Codemasters has held the exclusive F1 games license since 2009, and every year since 2010, gamers have seen a steady maturation of the franchise. It’s now 2013, and Codemasters has given us F1 2013. Just like the sport it represents, the game is a study of evolution in detail, so let’s see if F1 2013 becomes a champion.
So what do we make of F1 2013?
It’s a mixed bag, at best, and a bit of a confused mess at worst.
There is plenty to like about the game. Its accuracy at visual depictions of the cars and circuits is a high point. It’s easily the best-looking F1 racing game I know about. Despite my aforementioned complaints regarding some aspects of the classic cars, no other game – Codemasters’ or by other developers, including the ones who build the mods for games like rFactor – makes Formula 1 as beautiful as F1 2013 does. The continual evolution of the series may see just incremental improvements in the graphics department, but Codemasters does its exclusive license justice.
I can forgive the detail inaccuracies with the classic cars. In truth, most players (or even game testers) would probably never have noticed them. But I will freely admit, for better or for worse, that I am likely to be the most F1-mad game tester you’ll ever find, with a significant portion of my memory devoted to Formula 1. It’s a sport I’ve been passionate about for most of my near-forty years of life.
I also quite like how the game captures the most salient aspects of the F1 season upon which it is based. Tracks and team rosters are accurate. The player will feel as if they’re really fighting for the 2013 World Championship.
AI is also a very strong part of the package. As mentioned before, Codemasters’ execution of this part of the racing game experience is better than most other games of the genre.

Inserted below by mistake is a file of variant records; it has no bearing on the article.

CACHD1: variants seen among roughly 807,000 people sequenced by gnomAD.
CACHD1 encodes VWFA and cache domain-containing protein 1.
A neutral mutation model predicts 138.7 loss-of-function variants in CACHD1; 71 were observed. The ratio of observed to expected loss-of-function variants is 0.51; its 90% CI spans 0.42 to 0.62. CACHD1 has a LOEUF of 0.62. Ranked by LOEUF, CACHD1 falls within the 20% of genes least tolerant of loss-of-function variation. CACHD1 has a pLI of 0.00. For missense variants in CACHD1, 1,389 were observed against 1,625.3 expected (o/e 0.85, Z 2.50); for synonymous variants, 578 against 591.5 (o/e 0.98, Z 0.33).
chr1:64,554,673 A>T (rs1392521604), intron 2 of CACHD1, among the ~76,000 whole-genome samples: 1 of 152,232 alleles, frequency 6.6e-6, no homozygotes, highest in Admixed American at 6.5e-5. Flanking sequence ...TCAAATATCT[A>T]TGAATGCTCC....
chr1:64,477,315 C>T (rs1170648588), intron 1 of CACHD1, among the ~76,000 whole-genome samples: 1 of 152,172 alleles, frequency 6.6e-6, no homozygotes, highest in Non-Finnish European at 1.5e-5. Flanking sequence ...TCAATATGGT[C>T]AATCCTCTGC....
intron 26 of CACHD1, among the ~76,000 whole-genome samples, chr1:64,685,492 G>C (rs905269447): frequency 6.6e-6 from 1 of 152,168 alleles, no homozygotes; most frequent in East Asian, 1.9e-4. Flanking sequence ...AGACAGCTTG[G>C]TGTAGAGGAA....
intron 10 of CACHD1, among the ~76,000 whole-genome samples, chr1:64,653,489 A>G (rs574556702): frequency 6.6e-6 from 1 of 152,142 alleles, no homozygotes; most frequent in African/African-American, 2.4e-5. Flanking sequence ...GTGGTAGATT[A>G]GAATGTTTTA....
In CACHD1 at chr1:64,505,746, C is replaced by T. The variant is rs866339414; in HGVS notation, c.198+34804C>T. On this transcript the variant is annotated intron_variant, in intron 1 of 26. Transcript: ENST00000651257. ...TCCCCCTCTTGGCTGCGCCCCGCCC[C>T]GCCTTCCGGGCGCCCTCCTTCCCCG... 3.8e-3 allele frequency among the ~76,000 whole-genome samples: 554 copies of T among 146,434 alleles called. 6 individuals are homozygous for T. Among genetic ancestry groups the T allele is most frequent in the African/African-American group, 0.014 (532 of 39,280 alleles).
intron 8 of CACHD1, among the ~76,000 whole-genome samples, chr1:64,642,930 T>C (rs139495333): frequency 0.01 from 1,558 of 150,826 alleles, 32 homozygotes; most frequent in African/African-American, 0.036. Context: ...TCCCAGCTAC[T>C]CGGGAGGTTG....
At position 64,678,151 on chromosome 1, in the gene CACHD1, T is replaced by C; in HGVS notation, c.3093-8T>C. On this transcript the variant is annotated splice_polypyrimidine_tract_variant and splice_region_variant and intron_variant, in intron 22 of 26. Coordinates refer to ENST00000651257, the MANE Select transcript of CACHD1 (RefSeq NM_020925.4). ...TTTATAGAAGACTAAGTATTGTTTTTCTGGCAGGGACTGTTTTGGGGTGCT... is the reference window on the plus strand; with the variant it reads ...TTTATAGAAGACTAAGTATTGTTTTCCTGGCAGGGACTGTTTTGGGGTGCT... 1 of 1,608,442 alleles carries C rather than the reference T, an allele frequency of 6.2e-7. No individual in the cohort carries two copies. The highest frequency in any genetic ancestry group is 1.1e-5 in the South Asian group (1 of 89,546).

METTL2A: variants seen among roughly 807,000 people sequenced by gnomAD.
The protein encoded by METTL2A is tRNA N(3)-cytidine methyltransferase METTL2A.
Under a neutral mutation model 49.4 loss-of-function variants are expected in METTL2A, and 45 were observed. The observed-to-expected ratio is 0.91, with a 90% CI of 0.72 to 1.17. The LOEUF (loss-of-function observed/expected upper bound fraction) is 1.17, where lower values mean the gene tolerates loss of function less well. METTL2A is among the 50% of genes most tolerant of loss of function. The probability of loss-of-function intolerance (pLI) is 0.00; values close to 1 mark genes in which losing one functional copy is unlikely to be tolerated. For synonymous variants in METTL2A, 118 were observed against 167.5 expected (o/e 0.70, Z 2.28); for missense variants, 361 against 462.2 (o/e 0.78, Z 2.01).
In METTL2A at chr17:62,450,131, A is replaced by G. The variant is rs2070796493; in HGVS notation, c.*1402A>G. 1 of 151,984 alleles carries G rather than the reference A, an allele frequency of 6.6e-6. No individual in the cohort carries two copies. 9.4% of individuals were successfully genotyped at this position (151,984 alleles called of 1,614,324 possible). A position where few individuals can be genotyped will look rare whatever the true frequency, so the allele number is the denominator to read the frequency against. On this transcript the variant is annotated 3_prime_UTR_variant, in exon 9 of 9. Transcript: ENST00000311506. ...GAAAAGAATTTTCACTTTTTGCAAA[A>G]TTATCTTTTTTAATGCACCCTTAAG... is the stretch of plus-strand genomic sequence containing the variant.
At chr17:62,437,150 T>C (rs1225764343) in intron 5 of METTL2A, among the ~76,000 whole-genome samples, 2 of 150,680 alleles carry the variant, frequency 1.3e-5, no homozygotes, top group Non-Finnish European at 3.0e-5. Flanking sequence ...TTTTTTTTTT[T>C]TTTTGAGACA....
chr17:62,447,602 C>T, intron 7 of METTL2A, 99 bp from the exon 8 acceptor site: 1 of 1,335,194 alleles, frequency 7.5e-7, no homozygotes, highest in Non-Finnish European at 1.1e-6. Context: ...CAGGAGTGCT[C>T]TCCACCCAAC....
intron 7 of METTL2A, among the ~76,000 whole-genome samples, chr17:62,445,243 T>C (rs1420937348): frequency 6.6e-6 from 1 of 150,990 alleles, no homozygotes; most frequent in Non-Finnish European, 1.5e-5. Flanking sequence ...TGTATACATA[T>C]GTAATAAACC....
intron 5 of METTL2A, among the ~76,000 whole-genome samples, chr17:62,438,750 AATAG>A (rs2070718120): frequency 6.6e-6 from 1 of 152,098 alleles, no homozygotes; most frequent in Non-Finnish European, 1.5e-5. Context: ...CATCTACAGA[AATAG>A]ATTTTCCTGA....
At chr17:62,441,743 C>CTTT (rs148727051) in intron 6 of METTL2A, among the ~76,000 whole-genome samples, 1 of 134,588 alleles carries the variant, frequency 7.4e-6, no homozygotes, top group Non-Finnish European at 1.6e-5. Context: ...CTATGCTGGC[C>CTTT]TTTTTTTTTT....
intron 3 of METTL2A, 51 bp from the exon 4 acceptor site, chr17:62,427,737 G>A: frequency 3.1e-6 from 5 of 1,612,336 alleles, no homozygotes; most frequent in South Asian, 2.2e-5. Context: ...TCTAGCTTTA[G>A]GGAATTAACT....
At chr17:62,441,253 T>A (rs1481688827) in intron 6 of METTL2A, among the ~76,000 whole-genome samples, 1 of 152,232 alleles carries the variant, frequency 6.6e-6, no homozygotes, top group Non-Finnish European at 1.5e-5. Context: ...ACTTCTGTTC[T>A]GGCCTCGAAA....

But as strong as these parts of the game are, there are other parts where Codemasters can make improvements. For one thing, I feel that gameplay could be vastly improved if there was a “hardcore” mode, something that would enhance the connections between the player, the car, and the track. As is, the game is half-sim, half-arcade racer. I understand that Codemasters is trying to please as many people as possible by designing the game to be a “jack-of-all-trades”; unfortunately, what usually happens is you get a product that lacks a certain focus. Sim racers, unfortunately, will feel a bit left out because of where the game sits in the arcade-sim spectrum.
The overwhelming reliance on visual cues to simulate the experience of driving a racing car – and the subsequent lack of attention to the more tactile aspects of the experience – betrays the idea that F1 2013 is a console game ported over to the PC (as opposed to the other way around). Sure, wheel + pedal controllers are supported on current-gen consoles, but the vast majority of people play console games with a game pad. The result, then, is a dissatisfying impression that the car and driver aren’t really interacting with the track; immersiveness suffers.
The decision to not even have force feedback be automatically enabled even on controllers with FFB support is also a sign that this game may not be for the more hardcore sim racing gamer.
And the continuing lack of a user-controllable clutch? That’s a huge and annoying disappointment.
The bottom line for Codemasters’ F1 2013 is that it’s an evolution of last year’s game. The core gameplay elements are largely the same, albeit with more polish. The addition of the classics content shows that Codemasters listens to its fan base: Last year, Rob suggested that adding vintage content would be a great addition to the next game. Lo and behold, Codemasters thought that was a good idea as well and came through.
I really feel that adding more hardcore simulation elements would really make this series great. As it is, it’s still tremendous fun. The sim racer in me just wishes it was much closer to the simulation side of the spectrum than it currently is.